As Bart and Kigurai pointed out, this process has been studied under the title of "stereo" or "multi-view stereo" techniques. To be able to get a 3D model from a set of pictures, you need to do the following:
a) You need to know the "internal" parameters of a camera. This includes the focal length of the camera, the principal point of the image and account for radial distortion in the image.
b) You also need to know the position and orientation of each camera with respect to each other or a "world" co-ordinate system. This is called the "pose" of the camera.
There are algorithms to perform (a) and (b) which are described in Hartley and Zisserman's "Multiple View Geometry" book. Alternatively, you can use Noah Snavely's "Bundler" http://phototour.cs.washington.edu/bundler/ software to also do the same thing in a very robust manner.
Once you have the camera parameters, you essentially know how a 3D point (X,Y,Z) in the world maps to an image co-ordinate (u,v) on the photo. You also know how to map an image co-ordinate to the world. You can create a dense point cloud by searching for a match for each pixel on one photo in a photo taken from a different view-point. This requires a two-dimensional search. You can simplify this procedure by making the search 1-dimensional. This is called "rectification". You essentially take two photos and transform then so that their rows correspond to the same line in the world (simplified statement). Now you only have to search along image rows.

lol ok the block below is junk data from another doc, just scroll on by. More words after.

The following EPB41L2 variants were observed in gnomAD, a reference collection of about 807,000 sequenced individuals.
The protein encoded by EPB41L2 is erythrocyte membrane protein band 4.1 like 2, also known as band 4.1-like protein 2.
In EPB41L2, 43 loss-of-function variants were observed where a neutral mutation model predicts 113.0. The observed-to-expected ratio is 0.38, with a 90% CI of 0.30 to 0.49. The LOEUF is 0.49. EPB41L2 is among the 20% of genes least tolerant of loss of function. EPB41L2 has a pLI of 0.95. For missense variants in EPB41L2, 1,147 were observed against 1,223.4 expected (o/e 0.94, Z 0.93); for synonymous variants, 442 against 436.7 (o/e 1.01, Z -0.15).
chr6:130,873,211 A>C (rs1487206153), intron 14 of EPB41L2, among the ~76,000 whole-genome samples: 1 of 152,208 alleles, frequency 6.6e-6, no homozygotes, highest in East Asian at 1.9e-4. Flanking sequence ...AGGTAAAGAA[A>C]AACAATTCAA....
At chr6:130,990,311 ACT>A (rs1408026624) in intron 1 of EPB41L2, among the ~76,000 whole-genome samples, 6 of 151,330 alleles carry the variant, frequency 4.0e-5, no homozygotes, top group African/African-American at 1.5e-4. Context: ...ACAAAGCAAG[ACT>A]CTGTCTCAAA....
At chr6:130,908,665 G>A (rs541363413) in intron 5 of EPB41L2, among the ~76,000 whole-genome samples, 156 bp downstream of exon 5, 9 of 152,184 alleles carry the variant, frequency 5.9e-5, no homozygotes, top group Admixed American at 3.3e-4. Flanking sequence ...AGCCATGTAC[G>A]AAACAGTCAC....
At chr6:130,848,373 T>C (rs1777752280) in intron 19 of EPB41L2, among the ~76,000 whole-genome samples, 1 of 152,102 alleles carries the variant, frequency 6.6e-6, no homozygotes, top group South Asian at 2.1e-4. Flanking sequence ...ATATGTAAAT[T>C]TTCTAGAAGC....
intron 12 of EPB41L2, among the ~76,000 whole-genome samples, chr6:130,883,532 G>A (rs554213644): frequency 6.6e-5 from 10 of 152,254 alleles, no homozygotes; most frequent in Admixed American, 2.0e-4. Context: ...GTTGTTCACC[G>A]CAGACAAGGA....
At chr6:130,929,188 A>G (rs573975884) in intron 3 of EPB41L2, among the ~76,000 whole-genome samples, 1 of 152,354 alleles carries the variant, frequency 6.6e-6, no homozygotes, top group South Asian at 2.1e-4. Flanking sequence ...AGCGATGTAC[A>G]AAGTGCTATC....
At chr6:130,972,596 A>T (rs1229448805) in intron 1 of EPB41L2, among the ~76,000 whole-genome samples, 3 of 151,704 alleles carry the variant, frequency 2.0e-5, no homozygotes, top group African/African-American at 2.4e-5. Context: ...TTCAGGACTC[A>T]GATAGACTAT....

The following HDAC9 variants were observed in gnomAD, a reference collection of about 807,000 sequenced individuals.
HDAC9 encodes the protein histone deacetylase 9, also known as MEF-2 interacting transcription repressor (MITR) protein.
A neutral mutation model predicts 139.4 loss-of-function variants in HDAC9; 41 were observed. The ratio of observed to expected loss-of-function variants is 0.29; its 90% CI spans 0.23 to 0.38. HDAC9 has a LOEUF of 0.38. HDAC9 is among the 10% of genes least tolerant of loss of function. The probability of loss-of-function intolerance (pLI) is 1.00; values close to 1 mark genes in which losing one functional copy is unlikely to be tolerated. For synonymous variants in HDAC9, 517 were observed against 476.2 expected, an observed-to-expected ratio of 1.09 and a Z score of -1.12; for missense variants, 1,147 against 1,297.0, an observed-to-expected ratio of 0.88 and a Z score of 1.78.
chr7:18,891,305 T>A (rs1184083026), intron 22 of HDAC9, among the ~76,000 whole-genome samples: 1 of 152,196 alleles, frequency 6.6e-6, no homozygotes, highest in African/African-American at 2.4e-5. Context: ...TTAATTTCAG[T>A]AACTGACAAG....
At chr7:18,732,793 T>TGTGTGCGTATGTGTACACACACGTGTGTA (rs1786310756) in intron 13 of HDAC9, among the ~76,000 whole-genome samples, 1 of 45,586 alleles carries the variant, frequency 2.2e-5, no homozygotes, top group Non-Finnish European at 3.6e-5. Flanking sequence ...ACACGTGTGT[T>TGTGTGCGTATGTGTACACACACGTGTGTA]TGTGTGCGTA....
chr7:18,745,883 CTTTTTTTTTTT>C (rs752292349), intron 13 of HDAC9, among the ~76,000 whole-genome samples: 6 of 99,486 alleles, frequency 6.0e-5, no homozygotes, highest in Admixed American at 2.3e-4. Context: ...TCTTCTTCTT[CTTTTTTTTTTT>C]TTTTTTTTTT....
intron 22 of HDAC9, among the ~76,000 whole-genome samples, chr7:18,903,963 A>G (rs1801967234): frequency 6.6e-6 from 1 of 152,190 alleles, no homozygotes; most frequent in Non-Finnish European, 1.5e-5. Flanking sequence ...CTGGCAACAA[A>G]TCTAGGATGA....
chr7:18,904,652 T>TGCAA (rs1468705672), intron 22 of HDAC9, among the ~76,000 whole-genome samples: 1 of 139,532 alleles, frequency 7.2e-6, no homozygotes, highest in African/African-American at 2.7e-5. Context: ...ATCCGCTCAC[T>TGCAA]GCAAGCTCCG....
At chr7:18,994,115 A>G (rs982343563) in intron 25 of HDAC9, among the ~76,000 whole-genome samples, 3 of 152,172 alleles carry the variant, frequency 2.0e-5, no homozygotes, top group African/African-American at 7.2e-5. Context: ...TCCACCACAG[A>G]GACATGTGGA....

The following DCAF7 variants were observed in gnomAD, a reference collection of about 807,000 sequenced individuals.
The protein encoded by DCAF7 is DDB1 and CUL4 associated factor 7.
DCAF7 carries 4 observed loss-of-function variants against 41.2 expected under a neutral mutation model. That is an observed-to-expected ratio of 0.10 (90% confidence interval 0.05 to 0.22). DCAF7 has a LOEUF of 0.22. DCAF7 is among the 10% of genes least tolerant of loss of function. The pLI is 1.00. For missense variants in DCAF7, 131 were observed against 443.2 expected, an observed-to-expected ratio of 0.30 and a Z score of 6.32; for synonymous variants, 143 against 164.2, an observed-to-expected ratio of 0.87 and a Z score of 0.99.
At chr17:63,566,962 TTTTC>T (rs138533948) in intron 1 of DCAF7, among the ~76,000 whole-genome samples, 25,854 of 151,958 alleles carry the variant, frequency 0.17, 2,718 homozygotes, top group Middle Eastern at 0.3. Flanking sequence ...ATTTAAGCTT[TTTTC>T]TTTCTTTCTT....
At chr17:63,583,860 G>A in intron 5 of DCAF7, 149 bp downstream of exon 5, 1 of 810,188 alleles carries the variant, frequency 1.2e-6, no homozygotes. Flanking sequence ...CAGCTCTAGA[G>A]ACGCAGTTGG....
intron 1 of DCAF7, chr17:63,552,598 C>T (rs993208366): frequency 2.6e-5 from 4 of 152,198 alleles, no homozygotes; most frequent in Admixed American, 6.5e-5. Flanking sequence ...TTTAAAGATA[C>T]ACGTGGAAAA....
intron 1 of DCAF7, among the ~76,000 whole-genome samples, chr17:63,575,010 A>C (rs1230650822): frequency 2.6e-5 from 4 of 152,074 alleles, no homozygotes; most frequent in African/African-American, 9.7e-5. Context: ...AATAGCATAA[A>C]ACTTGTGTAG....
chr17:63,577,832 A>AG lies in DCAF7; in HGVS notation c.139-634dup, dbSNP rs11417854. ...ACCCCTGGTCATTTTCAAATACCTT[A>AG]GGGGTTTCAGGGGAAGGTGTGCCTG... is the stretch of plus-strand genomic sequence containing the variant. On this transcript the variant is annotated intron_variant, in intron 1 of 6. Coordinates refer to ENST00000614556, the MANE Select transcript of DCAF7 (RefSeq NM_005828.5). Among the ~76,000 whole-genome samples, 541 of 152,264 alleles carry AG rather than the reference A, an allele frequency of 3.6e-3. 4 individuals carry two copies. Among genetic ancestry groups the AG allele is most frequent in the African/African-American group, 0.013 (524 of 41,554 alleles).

An algorithm for this can be also found in Hartley and Zisserman.
Finally, you need to do the matching based on some measure. There is a lot of literature out there on "stereo matching". Another word used is "disparity estimation". This is basically searching for the match of pixel (u,v) on one photo to its match (u, v') on the other photo. Once you have the match, the difference between them can be used to map back to a 3D point.
You can use Yasutaka Furukawa's "CMVS" or "PMVS2" software to do this. Or if you want to experiment by yourself, openCV is a open-source computer vision toolbox to do many of the sub-tasks required for this.